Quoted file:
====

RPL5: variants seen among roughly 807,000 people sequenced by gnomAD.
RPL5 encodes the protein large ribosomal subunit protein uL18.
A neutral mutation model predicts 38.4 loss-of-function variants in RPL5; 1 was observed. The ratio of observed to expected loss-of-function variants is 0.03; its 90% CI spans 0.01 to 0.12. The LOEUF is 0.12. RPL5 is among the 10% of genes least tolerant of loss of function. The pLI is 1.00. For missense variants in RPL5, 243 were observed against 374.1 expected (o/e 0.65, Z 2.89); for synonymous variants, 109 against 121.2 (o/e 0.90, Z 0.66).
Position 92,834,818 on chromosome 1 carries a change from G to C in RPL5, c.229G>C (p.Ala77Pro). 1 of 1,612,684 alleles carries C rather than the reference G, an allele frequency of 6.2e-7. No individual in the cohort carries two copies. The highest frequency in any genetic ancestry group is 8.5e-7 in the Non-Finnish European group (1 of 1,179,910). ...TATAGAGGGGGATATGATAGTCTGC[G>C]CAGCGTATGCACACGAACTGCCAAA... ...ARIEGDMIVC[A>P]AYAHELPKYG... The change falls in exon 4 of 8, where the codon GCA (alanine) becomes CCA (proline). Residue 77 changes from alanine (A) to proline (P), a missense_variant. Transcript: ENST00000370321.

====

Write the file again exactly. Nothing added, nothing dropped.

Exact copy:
RPL5: variants seen among roughly 807,000 people sequenced by gnomAD.
RPL5 encodes the protein large ribosomal subunit protein uL18.
A neutral mutation model predicts 38.4 loss-of-function variants in RPL5; 1 was observed. The ratio of observed to expected loss-of-function variants is 0.03; its 90% CI spans 0.01 to 0.12. The LOEUF is 0.12. RPL5 is among the 10% of genes least tolerant of loss of function. The pLI is 1.00. For missense variants in RPL5, 243 were observed against 374.1 expected (o/e 0.65, Z 2.89); for synonymous variants, 109 against 121.2 (o/e 0.90, Z 0.66).
Position 92,834,818 on chromosome 1 carries a change from G to C in RPL5, c.229G>C (p.Ala77Pro). 1 of 1,612,684 alleles carries C rather than the reference G, an allele frequency of 6.2e-7. No individual in the cohort carries two copies. The highest frequency in any genetic ancestry group is 8.5e-7 in the Non-Finnish European group (1 of 1,179,910). ...TATAGAGGGGGATATGATAGTCTGC[G>C]CAGCGTATGCACACGAACTGCCAAA... ...ARIEGDMIVC[A>P]AYAHELPKYG... The change falls in exon 4 of 8, where the codon GCA (alanine) becomes CCA (proline). Residue 77 changes from alanine (A) to proline (P), a missense_variant. Transcript: ENST00000370321.